Liquid Cooling vs Air Cooling

Serious about your computer’s performance while keeping it as cool as possible? The advice has usually been to opt for liquid cooling, opposed to the often standard and alternative of air cooling. Generally speaking, this advice makes sense, liquid cooling your CPU or GPU yields better results.*

* There are exceptions, such as when comparing an entry level liquid cooler to a high end air cooler.

What’s so special about liquid?

The liquid inside liquid coolers Evatech use a mixture of water and ethylene glycol. The reason for a solution rather than pure water is to prevent freezing, inhibit bacterial growth, and prevent galvanic corrosion. They start life as non-conductive liquids.

Every substance has an intrinsic property called heat capacity. Simply put, this is how much thermal energy it can absorb before it changes temperature. Liquid has a higher heat capacity than most other common substances.

Example: A swimming pool that’s been taking the summer’s sun all day, yet you jump in late afternoon and it’s refreshingly cool.

This is due to hydrogen bonding at the molecular level. The oxygen atom in a water molecule is quite electronegative. This means it attracts electrons which gives it more of a negative charge than the two attached hydrogen atoms. The more positively charged hydrogen atoms of the surrounding water molecules will stick to the oxygen atoms and prevent the molecules from moving around too much when heat is applied. Since higher temperatures are a result of more molecular motion, all of this means that water can resist temperature changes better than the metals that are commonly used in air coolers.

Back to what this means for your PC…

Using a liquid cooler for your CPU or GPU means that you will be transferring out heat into a substance that can hold much more heat than an aluminum heatsink with fans attached to it. But, this isn’t the whole story. There’s a practical limit to heatsinks you can attach to a chip before it becomes too large & too heavy. So water coolers resort to large radiators to dissipate the heat absorbed by the liquid further improving overall cooling capacity. This takes the warm liquid away from the chip you’re cooling, where it can cool down.

Other advantages of liquid cooling

  • Liquid cools more efficiently than a metal heatsink alone, making it possible for liquid coolers to be quieter
  • Compared to large air coolers, liquid coolers save on space, don’t put stress on the motherboard, and will allow you to easily install additional RAM
  • Generally considered more aesthetically pleasing for a clean build
  • You can say “my PC has liquid cooling”

Air coolers still have their place

Although it’s extremely unlikely that the high-quality liquid coolers in Evatech PCs would ever leak, it’s a possibility. Despite the liquid used being non-conductive, over time these substances may pick up ions from the metals inside the cooler and become conductive over time. This liquid leaking onto components, such as the graphics card? Bad news!
Even if the liquid cooler never leaks, chances of the water pump failing over time is almost guaranteed. Pump failure typically happens after 5+ years of use (unless you’re the type to leave your system on 24/7 – not recommended/necessary).

Spending the premium to get liquid cooling in your PC may not be advantageous if your components are not high-end enough to warrant it. Similarly, if you aren’t likely to push your PC for sustained periods of time. Most games are GPU reliant more than CPU – meaning great cooling on your CPU can be rendered almost pointless as gaming performance will typically bottleneck as the GPU reaches high temperatures. Your crispy cool CPU can’t do much for your gaming performance once that happens.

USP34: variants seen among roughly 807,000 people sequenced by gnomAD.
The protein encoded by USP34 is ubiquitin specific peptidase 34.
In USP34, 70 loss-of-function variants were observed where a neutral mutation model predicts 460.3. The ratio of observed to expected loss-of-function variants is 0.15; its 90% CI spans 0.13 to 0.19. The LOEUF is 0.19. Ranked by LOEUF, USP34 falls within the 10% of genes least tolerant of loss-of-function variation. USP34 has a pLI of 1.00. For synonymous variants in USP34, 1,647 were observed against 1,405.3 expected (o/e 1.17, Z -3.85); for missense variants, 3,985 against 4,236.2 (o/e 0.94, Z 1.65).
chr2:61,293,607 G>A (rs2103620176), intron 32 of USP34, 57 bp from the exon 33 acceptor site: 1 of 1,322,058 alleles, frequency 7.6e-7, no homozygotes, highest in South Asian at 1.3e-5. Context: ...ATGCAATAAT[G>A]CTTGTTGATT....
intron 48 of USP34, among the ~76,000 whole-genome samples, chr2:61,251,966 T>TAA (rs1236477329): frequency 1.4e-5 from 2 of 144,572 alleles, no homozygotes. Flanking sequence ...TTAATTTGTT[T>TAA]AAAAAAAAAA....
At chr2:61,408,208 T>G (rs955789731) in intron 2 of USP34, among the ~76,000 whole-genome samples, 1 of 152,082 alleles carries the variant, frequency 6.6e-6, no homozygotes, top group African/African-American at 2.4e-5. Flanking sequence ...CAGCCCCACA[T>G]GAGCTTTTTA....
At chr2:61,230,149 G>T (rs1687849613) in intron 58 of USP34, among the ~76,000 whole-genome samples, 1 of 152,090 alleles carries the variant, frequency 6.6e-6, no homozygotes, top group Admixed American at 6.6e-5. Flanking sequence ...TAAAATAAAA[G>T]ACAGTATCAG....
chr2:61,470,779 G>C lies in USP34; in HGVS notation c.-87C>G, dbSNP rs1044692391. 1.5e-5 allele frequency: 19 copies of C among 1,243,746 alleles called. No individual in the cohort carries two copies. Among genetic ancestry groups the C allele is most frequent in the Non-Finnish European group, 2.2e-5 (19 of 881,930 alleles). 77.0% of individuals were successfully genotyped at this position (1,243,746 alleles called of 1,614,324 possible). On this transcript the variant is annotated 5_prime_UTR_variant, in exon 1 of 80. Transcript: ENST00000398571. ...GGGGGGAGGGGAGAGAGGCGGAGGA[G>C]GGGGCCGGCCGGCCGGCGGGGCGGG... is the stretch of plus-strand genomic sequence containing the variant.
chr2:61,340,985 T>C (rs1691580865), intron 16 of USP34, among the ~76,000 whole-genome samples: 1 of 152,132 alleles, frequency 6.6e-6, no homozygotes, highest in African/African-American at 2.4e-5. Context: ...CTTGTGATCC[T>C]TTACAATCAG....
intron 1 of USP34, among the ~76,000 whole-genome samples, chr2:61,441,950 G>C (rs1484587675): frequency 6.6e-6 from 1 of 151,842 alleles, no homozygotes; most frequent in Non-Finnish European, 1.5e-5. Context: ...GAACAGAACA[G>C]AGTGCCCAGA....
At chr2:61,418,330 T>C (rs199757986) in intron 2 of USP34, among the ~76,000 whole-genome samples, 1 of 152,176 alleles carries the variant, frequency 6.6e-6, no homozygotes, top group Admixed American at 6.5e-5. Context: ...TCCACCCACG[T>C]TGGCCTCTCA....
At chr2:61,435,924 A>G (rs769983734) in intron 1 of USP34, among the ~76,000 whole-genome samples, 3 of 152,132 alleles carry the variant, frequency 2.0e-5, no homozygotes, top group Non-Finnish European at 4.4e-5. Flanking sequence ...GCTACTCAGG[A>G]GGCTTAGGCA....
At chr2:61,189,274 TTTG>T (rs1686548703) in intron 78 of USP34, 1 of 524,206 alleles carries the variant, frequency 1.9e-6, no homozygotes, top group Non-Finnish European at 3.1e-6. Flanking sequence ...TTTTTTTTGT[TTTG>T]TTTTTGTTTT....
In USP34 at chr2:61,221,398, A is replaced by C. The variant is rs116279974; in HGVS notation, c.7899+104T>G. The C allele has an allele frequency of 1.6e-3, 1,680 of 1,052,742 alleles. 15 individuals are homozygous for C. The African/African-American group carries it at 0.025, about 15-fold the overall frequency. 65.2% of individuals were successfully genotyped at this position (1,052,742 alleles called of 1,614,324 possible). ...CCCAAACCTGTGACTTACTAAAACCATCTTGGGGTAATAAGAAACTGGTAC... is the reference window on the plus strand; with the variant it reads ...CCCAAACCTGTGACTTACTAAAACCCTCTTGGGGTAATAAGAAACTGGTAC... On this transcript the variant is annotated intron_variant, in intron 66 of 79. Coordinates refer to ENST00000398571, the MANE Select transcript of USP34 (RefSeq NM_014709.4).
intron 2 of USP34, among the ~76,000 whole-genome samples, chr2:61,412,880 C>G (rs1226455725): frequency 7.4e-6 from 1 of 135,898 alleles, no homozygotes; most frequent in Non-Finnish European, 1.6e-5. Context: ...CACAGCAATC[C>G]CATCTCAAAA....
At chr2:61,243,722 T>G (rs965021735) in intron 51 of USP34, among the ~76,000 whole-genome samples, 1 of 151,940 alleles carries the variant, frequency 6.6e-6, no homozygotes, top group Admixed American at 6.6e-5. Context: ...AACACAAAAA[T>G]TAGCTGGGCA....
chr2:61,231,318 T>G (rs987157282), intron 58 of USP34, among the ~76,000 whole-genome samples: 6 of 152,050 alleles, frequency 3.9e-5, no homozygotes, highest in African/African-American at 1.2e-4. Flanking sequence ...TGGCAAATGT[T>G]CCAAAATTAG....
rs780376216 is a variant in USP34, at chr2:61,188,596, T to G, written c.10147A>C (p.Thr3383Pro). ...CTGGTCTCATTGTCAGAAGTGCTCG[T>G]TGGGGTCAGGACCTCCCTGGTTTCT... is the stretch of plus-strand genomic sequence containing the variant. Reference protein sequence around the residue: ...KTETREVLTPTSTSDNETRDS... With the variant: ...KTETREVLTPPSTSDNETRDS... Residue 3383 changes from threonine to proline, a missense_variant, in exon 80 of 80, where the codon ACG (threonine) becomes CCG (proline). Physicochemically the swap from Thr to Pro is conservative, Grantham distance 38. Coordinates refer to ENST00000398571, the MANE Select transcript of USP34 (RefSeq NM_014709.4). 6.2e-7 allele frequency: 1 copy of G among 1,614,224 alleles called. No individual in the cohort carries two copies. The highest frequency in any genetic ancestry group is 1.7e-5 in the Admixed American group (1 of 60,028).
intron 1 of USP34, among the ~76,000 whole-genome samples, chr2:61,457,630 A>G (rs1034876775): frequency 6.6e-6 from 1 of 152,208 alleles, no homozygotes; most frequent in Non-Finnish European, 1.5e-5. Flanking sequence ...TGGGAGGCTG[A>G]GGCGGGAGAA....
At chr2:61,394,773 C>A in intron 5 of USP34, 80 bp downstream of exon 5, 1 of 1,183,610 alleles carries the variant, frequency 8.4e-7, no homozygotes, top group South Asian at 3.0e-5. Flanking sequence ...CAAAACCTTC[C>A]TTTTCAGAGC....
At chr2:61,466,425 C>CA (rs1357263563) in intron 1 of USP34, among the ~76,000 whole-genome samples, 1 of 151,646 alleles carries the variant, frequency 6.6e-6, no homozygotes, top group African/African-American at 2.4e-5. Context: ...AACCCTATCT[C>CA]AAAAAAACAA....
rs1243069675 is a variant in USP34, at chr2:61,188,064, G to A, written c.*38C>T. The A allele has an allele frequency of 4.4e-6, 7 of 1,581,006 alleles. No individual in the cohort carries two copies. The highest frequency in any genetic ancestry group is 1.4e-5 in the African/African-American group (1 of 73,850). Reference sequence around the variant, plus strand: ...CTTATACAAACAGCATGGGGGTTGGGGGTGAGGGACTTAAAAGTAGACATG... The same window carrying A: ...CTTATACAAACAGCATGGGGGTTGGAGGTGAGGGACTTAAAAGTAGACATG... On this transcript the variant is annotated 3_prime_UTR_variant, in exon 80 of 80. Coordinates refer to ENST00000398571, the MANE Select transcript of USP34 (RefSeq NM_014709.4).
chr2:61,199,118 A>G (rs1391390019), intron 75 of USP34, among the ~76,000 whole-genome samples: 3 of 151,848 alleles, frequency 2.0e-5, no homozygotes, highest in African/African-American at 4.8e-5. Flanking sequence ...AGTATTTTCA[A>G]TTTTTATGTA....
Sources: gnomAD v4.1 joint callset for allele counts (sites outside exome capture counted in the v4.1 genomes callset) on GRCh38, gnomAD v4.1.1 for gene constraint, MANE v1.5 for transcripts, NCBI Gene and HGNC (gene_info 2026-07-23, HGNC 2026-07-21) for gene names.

Higher end air coolers can be quieter than liquid coolers as air coolers don’t have pumps. Gone are the days where desktop PCs sound like jet planes taking off when not doing anything. Many fans in systems these days don’t spin at all unless the components reach a particular temperature, and will speed up as necessary. This should prolong the life of the fan, as well as keep noise levels down.

Many of our customers may do just fine with the standard CPU cooler that comes in the CPU box. Those wanting to be extra safe can opt for one of our 120mm tower air cooler options. Leaving those chasing a “no excuses” setup to go for liquid.

The moral of the story…

Well, if this wasn’t a long-winded (hah) way of saying that either option is fine, then I don’t know what is.

Stock CPU coolers are perfectly fine for low end systems (i5/R5 and below), or i7/R7 if it’s mainly home/office use.

120mm tower air coolers are good for everyone. Can be a great way of ensuring the system lasts a long time.

Liquid coolers are best suited to enthusiasts, or those likely to upgrade the system after 5 years (or less). But they’re high performers for everyone! Liquid cooling is a great way to keep your CPU as cool as the environment allows.

If you have the option, and indeed the budget: get yourself a liquid cooled graphics card. Liquid cooled graphics cards typically only come in at the higher end of the performance spectrum. Customers going for a high-end GPU are usually looking to replace it with another high-end GPU after 3-5 years anyway. This makes the limited lifespan of a liquid cooler less of an important consideration.

Don’t forget, if you’re in doubt, you can always chat to our friendly and helpful staff.

Find us on Facebook for a chat, use our Contact page, or if it’s during business hours you can always come into our store and/or give us a call.

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